We are thrilled to have timebank member Florence Hamilton interviewing and writing profiles of fellow timebank members! Her profile of Kansas Chuck is the first of what we hope will be a fun and diverse series. If you know of a timebank member who you think would make an interesting subject, please let us know!
“KANSAS”, the name he calls himself, is an expert on bicycles-he builds, remakes, and repairs them. This includes adult three-wheelers. The Doña Ana Communities United Timebank website tells members to call Kansas if they need or want bicycle services. Kansas says he is also a machinist and a handyman and he can and will do carpentry. Of course, these come after bicycles.
In 1979, he says he dedicated his life to furthering human powered transportation. In January 1984 he became car-free. Kansas says he can and will teach anyone how to change their lifestyle from fossil fuel transportation to human powered transportation. This is his mission.
Kansas came to Las Cruces to live after deciding twelve years of Arizona heat was enough.
Claiming ADHD disability and needing help with understanding the government’s rules and regulations regarding his Medicare and maintaining his disability status, Kansas says he was introduced to Kari Bachman, our DACU director- he was told she could help him. He says Kari told him he could probably get help through the timebank, an organization whose members exchanged gifts for needs, posting both on the internet. Kansas says the concept of a no money economy and people helping other people for free was hard for him to believe. But he was invited to and attended meetings where members listed their gifts and needs and other members really claimed those gifts and used their own skills to supply other members’ needs. Moreover, he had fun at these meetings. He joined the timebank.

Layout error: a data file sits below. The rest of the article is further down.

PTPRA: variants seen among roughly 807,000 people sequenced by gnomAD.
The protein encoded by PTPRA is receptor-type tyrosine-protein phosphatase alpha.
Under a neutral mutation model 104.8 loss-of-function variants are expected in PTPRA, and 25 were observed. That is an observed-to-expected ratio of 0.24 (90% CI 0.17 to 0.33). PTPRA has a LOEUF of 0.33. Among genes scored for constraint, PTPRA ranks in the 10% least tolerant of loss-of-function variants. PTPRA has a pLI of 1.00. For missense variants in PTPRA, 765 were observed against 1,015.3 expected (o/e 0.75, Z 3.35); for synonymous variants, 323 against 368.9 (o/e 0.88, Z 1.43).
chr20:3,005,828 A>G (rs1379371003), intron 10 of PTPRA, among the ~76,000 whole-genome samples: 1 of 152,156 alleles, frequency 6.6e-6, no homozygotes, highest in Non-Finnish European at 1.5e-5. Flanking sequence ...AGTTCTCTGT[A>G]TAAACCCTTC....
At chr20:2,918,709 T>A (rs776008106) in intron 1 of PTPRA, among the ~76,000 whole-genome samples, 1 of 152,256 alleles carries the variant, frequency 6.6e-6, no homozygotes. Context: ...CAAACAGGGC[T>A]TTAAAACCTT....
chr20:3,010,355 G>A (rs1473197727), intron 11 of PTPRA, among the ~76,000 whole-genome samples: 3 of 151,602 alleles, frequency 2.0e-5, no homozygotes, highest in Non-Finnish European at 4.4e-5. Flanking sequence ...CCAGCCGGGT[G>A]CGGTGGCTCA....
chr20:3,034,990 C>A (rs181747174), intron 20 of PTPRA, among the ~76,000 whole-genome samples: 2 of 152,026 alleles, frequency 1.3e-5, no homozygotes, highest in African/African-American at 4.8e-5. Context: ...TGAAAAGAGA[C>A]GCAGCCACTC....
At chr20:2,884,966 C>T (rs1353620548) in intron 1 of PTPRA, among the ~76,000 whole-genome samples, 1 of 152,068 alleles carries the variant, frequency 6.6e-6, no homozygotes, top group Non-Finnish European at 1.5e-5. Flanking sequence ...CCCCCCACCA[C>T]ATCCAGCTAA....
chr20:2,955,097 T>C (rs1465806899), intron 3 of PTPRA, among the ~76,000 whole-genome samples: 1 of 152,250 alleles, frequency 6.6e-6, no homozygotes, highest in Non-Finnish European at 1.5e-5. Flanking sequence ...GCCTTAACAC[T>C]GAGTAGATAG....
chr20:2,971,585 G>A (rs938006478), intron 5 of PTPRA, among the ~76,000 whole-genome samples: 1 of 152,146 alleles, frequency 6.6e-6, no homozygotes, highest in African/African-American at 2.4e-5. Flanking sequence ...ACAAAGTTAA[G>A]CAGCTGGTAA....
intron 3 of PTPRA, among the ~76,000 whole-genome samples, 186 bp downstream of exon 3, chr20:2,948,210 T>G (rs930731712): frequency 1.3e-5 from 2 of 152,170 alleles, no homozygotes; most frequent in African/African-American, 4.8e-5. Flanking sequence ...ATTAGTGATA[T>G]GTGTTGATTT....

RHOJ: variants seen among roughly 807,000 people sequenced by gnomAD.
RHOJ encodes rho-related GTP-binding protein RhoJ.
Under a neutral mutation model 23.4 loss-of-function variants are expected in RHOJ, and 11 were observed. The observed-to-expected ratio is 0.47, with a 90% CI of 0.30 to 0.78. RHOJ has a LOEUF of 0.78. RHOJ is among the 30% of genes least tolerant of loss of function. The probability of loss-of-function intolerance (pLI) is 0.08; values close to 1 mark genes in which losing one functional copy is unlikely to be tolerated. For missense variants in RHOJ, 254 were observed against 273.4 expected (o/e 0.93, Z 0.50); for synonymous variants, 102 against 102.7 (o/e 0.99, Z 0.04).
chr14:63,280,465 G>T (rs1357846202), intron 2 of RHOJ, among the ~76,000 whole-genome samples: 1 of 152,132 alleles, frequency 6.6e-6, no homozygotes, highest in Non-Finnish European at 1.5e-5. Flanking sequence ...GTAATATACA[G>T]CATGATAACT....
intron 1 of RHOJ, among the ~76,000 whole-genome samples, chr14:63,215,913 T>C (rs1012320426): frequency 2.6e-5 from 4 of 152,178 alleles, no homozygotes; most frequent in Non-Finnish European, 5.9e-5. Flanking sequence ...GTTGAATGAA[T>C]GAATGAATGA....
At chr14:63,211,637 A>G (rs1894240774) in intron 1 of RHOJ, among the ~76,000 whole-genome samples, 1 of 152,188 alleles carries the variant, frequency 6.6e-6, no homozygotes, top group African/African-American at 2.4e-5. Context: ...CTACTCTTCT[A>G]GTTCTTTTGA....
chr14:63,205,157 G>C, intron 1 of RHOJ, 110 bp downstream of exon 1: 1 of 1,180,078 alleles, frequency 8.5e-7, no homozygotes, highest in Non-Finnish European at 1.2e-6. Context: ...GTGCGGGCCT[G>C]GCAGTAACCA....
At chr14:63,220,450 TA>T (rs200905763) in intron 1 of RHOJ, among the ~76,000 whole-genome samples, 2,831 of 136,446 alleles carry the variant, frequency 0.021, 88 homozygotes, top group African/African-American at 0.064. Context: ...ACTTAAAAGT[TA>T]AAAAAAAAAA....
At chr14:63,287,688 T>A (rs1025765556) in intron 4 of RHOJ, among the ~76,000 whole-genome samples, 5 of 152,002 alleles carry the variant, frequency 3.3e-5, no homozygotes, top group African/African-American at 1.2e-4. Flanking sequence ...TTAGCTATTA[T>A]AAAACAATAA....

Kansas now calls DACU his family and says he’s at the office frequently. The intersection mural project made him realize there is power in a group. DACU members had power. He says he realized he liked being here and Las Cruces had begun to feel like home.
Kansas still seeks help with Medicare and the rules and regulations of his disability. He looks forward to having a place where he can make bikes, remake bikes, repair bikes and most of all teach the skill to kids of all ages. He also stresses human powered transportation is a must.